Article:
Kikka: Japan’s WW2 Jet Fighter

At the time of the Pearl Harbor attack in 1941, the Japanese Zero fighter could outfight anything the US could put into the sky, and Japan enjoyed unquestioned air superiority. But while the US soon produced a number of new aircraft designs, including the F6F Hellcat and the F4U Corsair, Japan, with its limited industrial abilities, continued to rely on the Zero. As a result, Japan lost its air superiority, and in 1944, at the air battle over the Marianas (known by US pilots as “The Great Turkey Shoot”) the US destroyed virtually the entire fleet of Japanese carrier aircraft. If Japan were to regain the ability to wage war in the air, it would need a radically new and superior aircraft design. The result was the Nakajima “Kikka” (“Orange Blossom”) jet fighter.

800px-KikkaRATO

Both Germany and England had done work on jet engines before the war, and by 1941 the Germans were making test flights of what would become the Me-262. In 1944, just before the Me-262 became operational, the Japanese military attache in Berlin saw a test flight, and the Japanese military, recognizing the value of the jet fighter, asked the Nakajima company to produce their own version. The new airplane would be known as the Kikka.

Japan had done some work on jet engines, but they were far behind the Germans. The best engine the Japanese had in development in 1944 was the Tsu-11, a “thermojet” engine that used a small four-cylinder piston engine to run a compressor and ignited the fuel/compressed-air mixture for thrust. It was not powerful enough to drive a jet fighter, and was instead slated to power the newer versions of the Ohka suicide rocket plane. To power the planned Kikka, the Japanese began working on a turbojet engine design of their own, and produced the Kugisho Ne-12, but it too proved to be unsatisfactory.

The German Me-262 had been originally designed to use the BMW 109-003 turbojet engine, but when that engine was delayed by engineering and production problems, the Me-262 was switched to use the bigger and heavier Junkers Jumo 004 turbojet instead. In 1944, Japan managed to obtain some photos of the original German BMW 003 engine and a cutaway drawing of its internal workings, and using that as their basis, Japanese engineers were, amazingly, able to produce their own similar design, which became known as the Kugisho Ne-20. The Ne-20 produced a thrust of just over 1,000 lbs. By 1945, the new engine was ready for production.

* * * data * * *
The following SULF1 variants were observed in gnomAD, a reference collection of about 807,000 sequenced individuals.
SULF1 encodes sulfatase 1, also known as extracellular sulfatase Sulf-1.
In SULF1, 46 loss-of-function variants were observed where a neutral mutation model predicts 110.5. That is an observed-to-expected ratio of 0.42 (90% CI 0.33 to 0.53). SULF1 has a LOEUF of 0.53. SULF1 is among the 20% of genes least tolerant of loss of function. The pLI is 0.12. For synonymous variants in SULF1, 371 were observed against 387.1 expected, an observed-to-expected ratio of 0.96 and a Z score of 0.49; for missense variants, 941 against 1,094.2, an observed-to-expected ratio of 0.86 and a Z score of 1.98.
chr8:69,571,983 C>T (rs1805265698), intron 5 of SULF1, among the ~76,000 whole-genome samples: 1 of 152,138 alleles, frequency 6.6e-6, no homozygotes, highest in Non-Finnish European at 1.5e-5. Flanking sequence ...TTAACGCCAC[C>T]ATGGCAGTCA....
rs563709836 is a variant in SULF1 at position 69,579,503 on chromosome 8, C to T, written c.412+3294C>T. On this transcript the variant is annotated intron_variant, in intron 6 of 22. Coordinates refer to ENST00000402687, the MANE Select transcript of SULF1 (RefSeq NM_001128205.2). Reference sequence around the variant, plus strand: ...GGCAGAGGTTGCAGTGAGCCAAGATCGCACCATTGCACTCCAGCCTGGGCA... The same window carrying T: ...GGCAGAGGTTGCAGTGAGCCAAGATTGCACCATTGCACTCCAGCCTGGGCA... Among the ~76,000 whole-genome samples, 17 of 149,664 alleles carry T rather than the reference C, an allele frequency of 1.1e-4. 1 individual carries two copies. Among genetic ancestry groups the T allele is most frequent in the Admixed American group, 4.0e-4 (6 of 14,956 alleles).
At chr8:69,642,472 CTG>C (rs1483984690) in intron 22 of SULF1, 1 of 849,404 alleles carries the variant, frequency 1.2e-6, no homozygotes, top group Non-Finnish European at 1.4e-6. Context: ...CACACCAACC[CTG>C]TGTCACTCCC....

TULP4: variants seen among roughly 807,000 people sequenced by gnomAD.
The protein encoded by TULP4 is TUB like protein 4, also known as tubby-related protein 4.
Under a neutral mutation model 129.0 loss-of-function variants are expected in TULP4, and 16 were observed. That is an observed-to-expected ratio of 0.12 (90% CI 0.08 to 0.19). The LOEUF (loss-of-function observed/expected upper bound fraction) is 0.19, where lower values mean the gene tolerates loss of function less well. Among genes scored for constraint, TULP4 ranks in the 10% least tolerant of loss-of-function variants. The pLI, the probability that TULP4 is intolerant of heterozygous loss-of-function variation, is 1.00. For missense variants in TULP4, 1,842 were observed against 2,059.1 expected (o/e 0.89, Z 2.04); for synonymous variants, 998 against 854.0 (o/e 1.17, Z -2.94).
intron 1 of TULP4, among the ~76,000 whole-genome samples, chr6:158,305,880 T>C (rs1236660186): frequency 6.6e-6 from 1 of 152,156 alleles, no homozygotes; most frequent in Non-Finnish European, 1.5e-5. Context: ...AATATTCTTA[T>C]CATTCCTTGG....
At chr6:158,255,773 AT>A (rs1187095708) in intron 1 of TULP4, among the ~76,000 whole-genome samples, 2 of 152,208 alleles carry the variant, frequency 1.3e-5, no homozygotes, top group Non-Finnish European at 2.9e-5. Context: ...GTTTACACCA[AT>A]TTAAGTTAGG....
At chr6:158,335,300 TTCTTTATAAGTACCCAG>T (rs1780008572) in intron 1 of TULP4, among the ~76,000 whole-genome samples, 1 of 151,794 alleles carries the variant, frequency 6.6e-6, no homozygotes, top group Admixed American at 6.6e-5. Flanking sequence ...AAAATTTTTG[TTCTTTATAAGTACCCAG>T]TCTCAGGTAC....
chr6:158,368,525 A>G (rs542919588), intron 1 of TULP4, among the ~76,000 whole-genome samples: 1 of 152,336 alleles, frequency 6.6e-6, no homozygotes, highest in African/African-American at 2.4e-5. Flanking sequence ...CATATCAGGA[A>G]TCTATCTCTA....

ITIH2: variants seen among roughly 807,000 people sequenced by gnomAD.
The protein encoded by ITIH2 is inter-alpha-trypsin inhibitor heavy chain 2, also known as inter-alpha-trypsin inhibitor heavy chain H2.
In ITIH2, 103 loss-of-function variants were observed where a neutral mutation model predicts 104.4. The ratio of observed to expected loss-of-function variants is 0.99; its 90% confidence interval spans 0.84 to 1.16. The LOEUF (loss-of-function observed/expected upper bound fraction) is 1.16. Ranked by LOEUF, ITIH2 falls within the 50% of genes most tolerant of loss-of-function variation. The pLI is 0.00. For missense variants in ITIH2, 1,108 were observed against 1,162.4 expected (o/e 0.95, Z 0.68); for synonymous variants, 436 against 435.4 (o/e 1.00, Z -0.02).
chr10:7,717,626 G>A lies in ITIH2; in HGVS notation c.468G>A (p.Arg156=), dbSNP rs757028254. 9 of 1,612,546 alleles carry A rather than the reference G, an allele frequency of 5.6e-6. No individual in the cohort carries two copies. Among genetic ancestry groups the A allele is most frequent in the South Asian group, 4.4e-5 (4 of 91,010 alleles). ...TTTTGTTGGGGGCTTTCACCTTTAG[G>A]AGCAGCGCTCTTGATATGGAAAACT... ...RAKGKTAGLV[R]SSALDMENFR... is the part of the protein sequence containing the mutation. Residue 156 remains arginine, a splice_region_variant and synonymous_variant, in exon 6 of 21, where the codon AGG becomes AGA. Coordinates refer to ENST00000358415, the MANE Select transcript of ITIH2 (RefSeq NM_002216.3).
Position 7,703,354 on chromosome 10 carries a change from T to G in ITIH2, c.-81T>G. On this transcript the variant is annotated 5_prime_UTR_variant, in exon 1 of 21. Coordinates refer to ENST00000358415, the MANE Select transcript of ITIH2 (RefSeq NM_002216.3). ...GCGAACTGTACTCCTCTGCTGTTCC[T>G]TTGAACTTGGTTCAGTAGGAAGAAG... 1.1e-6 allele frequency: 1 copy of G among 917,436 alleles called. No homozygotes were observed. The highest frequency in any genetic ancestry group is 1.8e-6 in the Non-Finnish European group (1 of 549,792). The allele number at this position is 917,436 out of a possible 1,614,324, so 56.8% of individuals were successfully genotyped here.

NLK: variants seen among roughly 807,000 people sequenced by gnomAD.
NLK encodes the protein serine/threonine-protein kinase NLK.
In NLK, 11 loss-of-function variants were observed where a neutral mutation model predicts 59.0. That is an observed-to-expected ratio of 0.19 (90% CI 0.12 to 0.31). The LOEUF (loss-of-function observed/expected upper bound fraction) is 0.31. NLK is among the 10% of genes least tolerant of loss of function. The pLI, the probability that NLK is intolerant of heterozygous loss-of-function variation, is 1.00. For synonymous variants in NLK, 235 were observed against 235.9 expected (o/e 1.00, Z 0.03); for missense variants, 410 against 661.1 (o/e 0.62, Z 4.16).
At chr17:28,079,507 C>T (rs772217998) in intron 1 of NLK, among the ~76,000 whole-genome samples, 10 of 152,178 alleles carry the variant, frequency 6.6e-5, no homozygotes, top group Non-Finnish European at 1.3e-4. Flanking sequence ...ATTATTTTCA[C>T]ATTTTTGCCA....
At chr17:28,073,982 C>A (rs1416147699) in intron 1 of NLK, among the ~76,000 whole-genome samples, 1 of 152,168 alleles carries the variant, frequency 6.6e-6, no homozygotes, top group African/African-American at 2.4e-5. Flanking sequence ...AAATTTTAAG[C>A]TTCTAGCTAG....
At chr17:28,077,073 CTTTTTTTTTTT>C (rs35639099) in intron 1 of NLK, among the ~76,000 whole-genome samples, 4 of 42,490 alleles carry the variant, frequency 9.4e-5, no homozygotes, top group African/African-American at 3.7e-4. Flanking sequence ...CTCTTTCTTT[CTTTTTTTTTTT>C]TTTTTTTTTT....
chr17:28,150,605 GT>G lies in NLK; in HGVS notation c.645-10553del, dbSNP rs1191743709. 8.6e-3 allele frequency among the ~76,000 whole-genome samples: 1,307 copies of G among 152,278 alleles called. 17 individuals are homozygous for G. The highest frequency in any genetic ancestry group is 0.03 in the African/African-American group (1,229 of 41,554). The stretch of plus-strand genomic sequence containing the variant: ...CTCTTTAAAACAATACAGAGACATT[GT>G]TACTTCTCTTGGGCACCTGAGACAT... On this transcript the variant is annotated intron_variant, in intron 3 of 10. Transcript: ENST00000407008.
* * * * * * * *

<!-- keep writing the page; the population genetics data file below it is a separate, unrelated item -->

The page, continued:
With the availability of the Ne-20 engine, the design for the Kikka jet fighter was finalized. Superficially similar in appearance to the German Me-262, it was a twin-engine fighter with foldable wings, intended to be stored in caves and tunnels to protect it from American air attacks. Unlike the swept-wing German design, the Kikka had straight wings. The Kikka was also armed with two 30mm cannons instead of the Me-262’s four. With its smaller and less-powerful engines, the Kikka had a top speed of 433 mph, compared to the Me-262’s 560 mph.

Only one protoype of the Kikka was completed. On August 7, 1945, the day after Hiroshima, the Kikka prototype made its first test flight. Four days later, it was fitted with small rocket motors to shorten the takeoff distance, but the plane accidentally ran off the end of the runway and was damaged. Japan surrendered shortly later.

After the war ended, the Americans found about 50 Ne-20 engines and 20 or so Kikka airframes in various stages of production, and took several examples back to the US for testing. Today, only one Kikka survives, a test specimen from a US Navy base in Maryland, and only three Ne-20 engines survive–two in the Smithsonian and one in Japan.

The Smithsonian’s Udvar-Hazy Center is currently in the process of restoring the sole remaining Kikka for display.

DSCN2925

Advertisements

One thought on “Kikka: Japan’s WW2 Jet Fighter”

Post a Comment

Fill in your details below or click an icon to log in:

WordPress.com Logo

You are commenting using your WordPress.com account. Log Out / Change )

Twitter picture

You are commenting using your Twitter account. Log Out / Change )

Facebook photo

You are commenting using your Facebook account. Log Out / Change )

Google+ photo

You are commenting using your Google+ account. Log Out / Change )

Connecting to %s